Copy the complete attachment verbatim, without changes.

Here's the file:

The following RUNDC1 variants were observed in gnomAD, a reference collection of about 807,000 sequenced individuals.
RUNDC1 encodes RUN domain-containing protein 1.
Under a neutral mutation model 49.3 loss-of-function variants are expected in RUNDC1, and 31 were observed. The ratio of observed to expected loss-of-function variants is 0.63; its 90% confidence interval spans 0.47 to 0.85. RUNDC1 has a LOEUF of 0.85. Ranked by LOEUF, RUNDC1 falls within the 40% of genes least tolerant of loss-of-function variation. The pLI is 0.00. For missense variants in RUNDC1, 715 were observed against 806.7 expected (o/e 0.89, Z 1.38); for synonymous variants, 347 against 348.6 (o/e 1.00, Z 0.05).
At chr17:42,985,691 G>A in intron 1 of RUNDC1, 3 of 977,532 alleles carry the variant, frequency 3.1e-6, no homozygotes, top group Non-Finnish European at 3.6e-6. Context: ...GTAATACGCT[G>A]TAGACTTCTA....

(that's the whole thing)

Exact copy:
The following RUNDC1 variants were observed in gnomAD, a reference collection of about 807,000 sequenced individuals.
RUNDC1 encodes RUN domain-containing protein 1.
Under a neutral mutation model 49.3 loss-of-function variants are expected in RUNDC1, and 31 were observed. The ratio of observed to expected loss-of-function variants is 0.63; its 90% confidence interval spans 0.47 to 0.85. RUNDC1 has a LOEUF of 0.85. Ranked by LOEUF, RUNDC1 falls within the 40% of genes least tolerant of loss-of-function variation. The pLI is 0.00. For missense variants in RUNDC1, 715 were observed against 806.7 expected (o/e 0.89, Z 1.38); for synonymous variants, 347 against 348.6 (o/e 1.00, Z 0.05).
At chr17:42,985,691 G>A in intron 1 of RUNDC1, 3 of 977,532 alleles carry the variant, frequency 3.1e-6, no homozygotes, top group Non-Finnish European at 3.6e-6. Context: ...GTAATACGCT[G>A]TAGACTTCTA....